USA/China – Getting real about US–China cooperation (Jacob Stokes, East Asia Forum)

One of the toughest questions in the current frosty era of relations between Washington and Beijing is whether and how to pursue cooperation amid ‘extreme’ geopolitical competition. Despite its importance, the practice of cooperation rarely receives the type of rigorous analysis necessary for devising effective strategy.

Chinese and U.S. flags flutter outside a company building in Shanghai, China 14 April 2021 (Photo: Reuters/Aly Song).

A close look reveals US legacy rationales for pursuing cooperation with China are not producing the desired results. But adopting a few principles can better integrate the competitive and cooperative elements of the relationship while making future attempts to coordinate with Beijing more effective and sustainable, even if the overall agenda will be much narrower in scope and ambition.

Cooperation is theoretically meant to serve two purposes in US–China relations.

First, to work together in areas where the two powers have nominally overlapping interests. These include global health, nuclear nonproliferation, counterterrorism, fighting climate change and international economic development.

Second, to provide stability for the relationship that can even out tensions stemming from areas where the two powers disagree. The thinking has been that working together on shared aims helps create a more constructive setting for dealing with disputes.

But right now, both rationales for US–China cooperation face significant headwinds. Nearly every ostensibly cooperative area needs to overcome major obstacles before the two sides can work together in a meaningful way. In other words, the two sides are struggling to cooperate even on ‘cooperative’ issues.

Events surrounding the COVID-19 pandemic have upended global health coordination. Working together on nuclear issues is complicated by China’s support for North Korea and its expanding arsenal. Beijing’s genocide against the Uyghurs has tainted joint counterterrorism. China’s support for coal power is a stumbling block in the battle against climate change. And its rejection of established standards on lending and the social and environmental impact of Belt and Road infrastructure projects have created problems for international economic development.

Further, US policymakers are questioning what additional value cooperating with China provides relative to devoting the same energies to building cooperation with allies and partners, or simply improving US implementation. They are asking what, specifically, is the upside — beyond the fuzzy notion that cooperation is nice?

As a result, the steadying effects previously provided by areas of cooperation, which were always modest, are now almost totally gone. Habits of cooperation are turning into habits of competition. This dynamic has been accelerated by US policymakers’ view that China has sought leverage during disputes by threatening to withdraw its support for cooperative undertakings.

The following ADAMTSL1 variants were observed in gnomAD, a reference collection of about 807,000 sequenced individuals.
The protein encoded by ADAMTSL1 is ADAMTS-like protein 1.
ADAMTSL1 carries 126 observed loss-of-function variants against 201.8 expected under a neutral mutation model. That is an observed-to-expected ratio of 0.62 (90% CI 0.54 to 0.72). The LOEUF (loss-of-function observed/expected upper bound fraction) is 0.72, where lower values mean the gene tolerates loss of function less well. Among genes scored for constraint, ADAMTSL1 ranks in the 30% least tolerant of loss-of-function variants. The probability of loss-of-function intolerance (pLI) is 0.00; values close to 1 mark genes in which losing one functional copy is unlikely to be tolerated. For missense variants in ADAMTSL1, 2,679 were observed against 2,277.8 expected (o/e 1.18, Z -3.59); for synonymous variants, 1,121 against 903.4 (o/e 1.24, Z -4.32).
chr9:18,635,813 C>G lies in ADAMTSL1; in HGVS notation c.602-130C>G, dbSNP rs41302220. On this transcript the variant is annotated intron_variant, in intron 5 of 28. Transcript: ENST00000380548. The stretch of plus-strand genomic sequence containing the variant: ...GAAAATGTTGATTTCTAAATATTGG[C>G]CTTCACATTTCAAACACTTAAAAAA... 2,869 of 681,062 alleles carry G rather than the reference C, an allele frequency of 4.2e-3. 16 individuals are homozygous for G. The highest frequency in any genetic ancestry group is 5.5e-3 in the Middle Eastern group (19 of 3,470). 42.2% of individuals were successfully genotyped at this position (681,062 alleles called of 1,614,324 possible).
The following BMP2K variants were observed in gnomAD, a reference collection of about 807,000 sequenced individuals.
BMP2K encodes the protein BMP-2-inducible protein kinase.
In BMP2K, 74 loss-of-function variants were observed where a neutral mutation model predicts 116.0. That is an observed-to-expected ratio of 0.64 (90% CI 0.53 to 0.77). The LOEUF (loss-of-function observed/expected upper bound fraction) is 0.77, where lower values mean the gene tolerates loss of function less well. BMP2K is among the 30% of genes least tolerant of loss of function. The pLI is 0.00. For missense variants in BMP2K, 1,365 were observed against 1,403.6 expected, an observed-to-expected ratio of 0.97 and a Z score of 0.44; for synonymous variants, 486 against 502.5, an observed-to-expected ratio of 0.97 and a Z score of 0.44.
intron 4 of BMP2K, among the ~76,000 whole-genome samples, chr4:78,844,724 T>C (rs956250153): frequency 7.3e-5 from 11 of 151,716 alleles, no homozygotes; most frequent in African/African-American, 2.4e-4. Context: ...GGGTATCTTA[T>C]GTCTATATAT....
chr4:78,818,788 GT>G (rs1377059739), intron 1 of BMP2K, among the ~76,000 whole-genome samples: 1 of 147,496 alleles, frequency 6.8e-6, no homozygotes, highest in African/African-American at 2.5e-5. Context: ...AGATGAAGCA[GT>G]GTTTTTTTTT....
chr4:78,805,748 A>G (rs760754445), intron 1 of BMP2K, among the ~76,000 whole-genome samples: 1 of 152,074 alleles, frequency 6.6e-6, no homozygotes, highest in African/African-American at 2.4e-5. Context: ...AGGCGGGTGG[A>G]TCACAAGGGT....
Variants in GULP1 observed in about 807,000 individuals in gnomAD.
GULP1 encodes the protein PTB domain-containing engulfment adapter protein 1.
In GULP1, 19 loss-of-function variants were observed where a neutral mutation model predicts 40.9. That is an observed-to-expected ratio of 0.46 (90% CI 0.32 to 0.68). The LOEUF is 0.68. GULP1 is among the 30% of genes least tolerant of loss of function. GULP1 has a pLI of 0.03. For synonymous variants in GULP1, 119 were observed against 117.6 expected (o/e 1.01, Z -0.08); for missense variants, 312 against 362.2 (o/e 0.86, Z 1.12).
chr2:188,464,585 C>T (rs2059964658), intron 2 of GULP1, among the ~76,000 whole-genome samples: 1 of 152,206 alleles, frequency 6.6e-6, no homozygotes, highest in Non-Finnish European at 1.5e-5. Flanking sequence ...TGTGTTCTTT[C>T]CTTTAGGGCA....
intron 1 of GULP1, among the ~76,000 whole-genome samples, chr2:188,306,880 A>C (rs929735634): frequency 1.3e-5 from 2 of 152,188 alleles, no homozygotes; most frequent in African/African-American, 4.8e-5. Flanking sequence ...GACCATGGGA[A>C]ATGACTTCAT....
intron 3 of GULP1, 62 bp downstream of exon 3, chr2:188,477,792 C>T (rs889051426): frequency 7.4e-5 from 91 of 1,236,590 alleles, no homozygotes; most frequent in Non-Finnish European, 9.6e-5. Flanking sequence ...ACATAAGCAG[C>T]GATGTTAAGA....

A few principles should shape US thinking about whether and how to cooperate with China going forward.

First, both sides should lower expectations in recognition that bilateral relations are at their worst point in nearly half a century. Both sides need to acknowledge that the space for true cooperation is relatively narrow pending substantial improvements in the atmosphere between the two countries. Paradoxically, expecting less could enable both sides to approach issues with more realism and thereby produce better results than would have been possible if either side were holding out for a return to the previous ‘engagement’ era.

The wording of US official statements, which shows a hesitance to even use the term ‘cooperation’, suggests that the shift is already underway. This includes the mention of ‘practical, results-oriented engagements’, Secretary of State Antony Blinken’s statement that the relationship will be ‘collaborative when it can be’ and State Department spokesman Ned Price’s reference to ‘rather narrow areas of tactical alignment’. Relatedly, policymakers should not assume that any issue fits neatly into the category of competition or cooperation; almost every issue will have elements of both.

Second, future collaborative efforts should focus on concrete rather than symbolic actions. Symbolism can be a useful tool in diplomacy, but for the next few years the onus will be on producing tangible benefits. Generating positive optics or suggesting future potential will not be enough. In addition, outcomes cannot be linked to other areas in ways that make them susceptible to backsliding by Beijing. Compartmentalisation, rather than linkage, should be the watchword.

Third, joint actions should be pursued through multilateral processes wherever possible. Working via such channels will have the strategic benefit of demonstrating to third parties that the United States is not the country seeking all-out confrontation. It will simultaneously dispel concerns about an inverse scenario where the two superpowers divide up the world between them, apprehensions that have gone dormant but never disappear.

Prioritising multilateral initiatives would also force China to confront paying diplomatic costs with several countries, not just the United States, if it considers backing out of an agreement. And it would reduce the domestic political costs in both Washington and Beijing of seeking to work together in the first place. Lastly, security initiatives to reduce risk and improve crisis management stand as the major exception to the multilateral preference and are still worth pursuing bilaterally. But this agenda must also grapple with extensive practical implementation challenges, most notably an apparent lack of interest in Beijing.

Cooperation and coordination can still play a role in US–China relations, albeit a much reduced one. But only if policymakers pursue it with the right mindset.